Martin rolled his eyes, then gave a sage nod. Janine was the fastidious wife of one of his least favorite co-workers. “Can’t you use digital for these gigs instead of paying for all that film?”

“I am using digital.”

“So what’s the film for?” He lifted a cynical brow. “More postcards?”

The arch of his brow matched the arch in his tone. The postcards were a side project, made from shots she’d taken of their picturesque town, but even after convincing a few of the local tourist shops to carry them, they earned only a pittance compared to the time she put into creating them.

But at least they earned more than her other side project.

“No, my gallery shots,” she said, shrinking a little.

Their eyes met.

“Expensive hobby.” Martin ran a hand through his sweat-drenched locks. “You think maybe you could shoot those with digital until they start making money? I mean...”

He gave a casual shrug, but his expression oozed judgment. Irritation flared inside her.

Two years ago, they’d moved here to this small community, abandoning Manhattan for a slower paced life. Martin had remained at his firm, working remotely, and they’d been able to purchase a home with money saved from having his NYC salary without the NYC overhead. But last year, his firm downsized due to the economy and the loss of a major client, and had kept only the city accountants. Martin easily found a local job, but his new, lower salary covered only their basic bills, not the renovations and upkeep their nineteenth century home required.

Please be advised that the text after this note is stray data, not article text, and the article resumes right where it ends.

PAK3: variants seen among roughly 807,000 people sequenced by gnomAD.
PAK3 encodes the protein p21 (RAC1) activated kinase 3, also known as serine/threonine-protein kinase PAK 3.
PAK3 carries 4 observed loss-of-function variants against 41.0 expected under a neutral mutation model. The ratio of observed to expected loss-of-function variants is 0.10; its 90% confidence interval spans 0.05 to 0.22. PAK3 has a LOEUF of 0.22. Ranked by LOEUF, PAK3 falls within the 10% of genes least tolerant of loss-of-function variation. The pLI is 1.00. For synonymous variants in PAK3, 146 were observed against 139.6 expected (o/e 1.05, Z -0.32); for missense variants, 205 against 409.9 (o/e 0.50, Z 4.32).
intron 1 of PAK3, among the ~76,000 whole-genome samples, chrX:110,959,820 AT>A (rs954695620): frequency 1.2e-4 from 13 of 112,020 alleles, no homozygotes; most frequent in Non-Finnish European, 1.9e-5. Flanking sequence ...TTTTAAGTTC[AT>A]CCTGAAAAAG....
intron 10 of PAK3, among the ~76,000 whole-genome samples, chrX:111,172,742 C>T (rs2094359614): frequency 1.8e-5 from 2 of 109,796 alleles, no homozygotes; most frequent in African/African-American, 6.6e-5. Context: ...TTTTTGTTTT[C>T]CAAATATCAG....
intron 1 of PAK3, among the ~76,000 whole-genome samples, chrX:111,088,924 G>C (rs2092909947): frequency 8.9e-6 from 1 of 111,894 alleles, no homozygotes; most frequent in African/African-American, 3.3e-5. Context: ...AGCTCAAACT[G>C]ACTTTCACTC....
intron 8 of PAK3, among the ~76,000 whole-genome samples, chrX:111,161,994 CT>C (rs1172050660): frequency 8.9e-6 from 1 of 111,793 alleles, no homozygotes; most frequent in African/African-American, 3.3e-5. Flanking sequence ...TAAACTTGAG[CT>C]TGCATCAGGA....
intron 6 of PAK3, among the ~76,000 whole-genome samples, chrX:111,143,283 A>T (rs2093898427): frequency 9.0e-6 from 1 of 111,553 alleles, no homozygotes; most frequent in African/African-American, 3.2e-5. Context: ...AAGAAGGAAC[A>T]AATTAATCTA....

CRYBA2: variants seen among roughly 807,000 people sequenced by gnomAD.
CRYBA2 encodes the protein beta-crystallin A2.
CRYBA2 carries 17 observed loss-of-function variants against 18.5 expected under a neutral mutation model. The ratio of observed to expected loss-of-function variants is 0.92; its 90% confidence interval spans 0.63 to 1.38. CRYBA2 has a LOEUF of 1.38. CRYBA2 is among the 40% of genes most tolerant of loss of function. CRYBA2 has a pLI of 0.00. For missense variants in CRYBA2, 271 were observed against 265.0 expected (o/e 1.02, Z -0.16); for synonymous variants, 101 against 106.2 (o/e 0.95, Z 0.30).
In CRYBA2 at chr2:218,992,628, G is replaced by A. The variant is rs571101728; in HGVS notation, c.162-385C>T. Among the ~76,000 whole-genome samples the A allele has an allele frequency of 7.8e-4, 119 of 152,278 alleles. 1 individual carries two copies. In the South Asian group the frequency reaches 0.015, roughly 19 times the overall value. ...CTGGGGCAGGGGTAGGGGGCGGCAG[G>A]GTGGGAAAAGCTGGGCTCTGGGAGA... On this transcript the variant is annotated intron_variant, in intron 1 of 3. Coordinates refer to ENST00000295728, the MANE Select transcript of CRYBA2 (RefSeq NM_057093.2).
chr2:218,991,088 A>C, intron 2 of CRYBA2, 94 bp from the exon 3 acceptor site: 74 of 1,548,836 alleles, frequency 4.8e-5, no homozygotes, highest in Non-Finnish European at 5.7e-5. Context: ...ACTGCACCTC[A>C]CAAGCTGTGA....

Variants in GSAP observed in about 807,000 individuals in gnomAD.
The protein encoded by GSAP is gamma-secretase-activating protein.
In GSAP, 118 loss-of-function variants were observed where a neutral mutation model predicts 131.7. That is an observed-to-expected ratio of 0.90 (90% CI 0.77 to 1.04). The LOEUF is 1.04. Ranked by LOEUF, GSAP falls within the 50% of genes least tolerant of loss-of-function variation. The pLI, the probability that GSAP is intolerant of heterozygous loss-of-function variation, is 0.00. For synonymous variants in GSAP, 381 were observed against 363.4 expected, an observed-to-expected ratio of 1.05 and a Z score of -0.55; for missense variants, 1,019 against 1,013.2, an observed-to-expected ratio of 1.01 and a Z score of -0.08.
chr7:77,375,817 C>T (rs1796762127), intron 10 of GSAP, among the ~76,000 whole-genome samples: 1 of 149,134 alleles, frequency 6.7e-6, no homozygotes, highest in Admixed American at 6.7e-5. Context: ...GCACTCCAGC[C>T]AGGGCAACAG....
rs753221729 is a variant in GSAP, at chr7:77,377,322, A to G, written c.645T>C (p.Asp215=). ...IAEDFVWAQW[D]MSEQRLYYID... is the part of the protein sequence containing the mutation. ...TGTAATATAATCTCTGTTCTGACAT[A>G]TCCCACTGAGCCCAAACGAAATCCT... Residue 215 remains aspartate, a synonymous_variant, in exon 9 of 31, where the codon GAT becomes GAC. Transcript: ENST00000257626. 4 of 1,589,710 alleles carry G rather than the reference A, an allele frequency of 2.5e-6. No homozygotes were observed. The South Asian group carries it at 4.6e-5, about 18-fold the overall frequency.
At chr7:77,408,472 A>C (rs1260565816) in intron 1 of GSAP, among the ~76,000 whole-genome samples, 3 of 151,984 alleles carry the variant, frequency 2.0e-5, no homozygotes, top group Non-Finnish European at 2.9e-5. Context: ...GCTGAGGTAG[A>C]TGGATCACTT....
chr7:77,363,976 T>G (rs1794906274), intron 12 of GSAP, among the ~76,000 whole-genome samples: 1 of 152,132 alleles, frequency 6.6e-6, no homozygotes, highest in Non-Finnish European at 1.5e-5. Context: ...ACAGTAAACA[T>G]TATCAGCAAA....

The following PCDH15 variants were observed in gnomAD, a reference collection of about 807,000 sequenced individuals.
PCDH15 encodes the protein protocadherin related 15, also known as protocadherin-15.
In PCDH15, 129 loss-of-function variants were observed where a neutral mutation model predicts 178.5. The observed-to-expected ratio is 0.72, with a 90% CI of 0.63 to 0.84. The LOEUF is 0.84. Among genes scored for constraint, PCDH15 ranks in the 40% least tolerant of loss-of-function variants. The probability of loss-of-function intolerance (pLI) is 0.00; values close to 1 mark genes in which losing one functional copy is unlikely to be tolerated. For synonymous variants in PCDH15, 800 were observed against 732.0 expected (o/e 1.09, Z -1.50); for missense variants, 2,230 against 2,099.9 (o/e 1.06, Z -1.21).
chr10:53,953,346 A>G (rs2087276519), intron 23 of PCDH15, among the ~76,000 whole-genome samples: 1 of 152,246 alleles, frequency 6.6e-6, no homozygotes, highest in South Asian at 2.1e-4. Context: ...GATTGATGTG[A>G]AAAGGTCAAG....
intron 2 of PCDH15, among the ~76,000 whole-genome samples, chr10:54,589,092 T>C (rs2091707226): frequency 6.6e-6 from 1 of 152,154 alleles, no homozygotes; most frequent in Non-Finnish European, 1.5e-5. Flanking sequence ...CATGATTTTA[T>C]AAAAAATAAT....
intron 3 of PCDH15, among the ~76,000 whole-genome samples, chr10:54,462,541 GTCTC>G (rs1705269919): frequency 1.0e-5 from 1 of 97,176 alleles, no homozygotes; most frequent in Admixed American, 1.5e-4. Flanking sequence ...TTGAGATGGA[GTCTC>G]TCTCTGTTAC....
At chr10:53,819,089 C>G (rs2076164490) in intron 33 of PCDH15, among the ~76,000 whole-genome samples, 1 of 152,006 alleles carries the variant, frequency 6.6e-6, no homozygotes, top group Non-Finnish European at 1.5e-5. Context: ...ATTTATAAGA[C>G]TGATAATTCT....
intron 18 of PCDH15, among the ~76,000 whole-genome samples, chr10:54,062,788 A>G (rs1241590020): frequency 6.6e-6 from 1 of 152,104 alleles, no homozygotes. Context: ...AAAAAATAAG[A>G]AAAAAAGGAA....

Money was tight; Claire understood that, but she also couldn’t help thinking that they’d be flush right now if Martin had sold the parking spot in Manhattan he’d inherited from his father instead of renting it out.

“I can’t get the look I need from digital.” Claire pulled two prints from her camera bag and laid them on the table side by side. They were two identical shots of the town lighthouse, but one taken with her digital camera, the other with film. The variances between the tonality and brightness were clear to her eye. She tapped the print on her left. “See? Film is better.”

Martin gave them a cursory glance, then raised his brow at her. “I don’t see a difference.” He pat her shoulder, then swept around her. “Oh, and can you get on the dresser thing today? I’m tired of plucking underwear and socks out of a duffle.”

“I don’t have time today. I have to be at the Harpers by two.”

“What about this morning?”

“I have to develop these shots, and I still haven’t showered yet. I’m a mess.”

He kissed her forehead. “Don’t be silly. You always look beautiful.”

He breezed out of the room, fluttering the curtains with his passage. The Scream image in the vase stretched as the light changed, elongating the mouth.

“Because you don’t really see me,” Claire whispered at it.

Wood creaked and groaned as her husband climbed the staircase to the second floor. The noises stopped, and then there was a squeak where she pictured Martin leaning over the banister.

“Dresser, babe, please,” he called out before continuing upstairs to shower before work.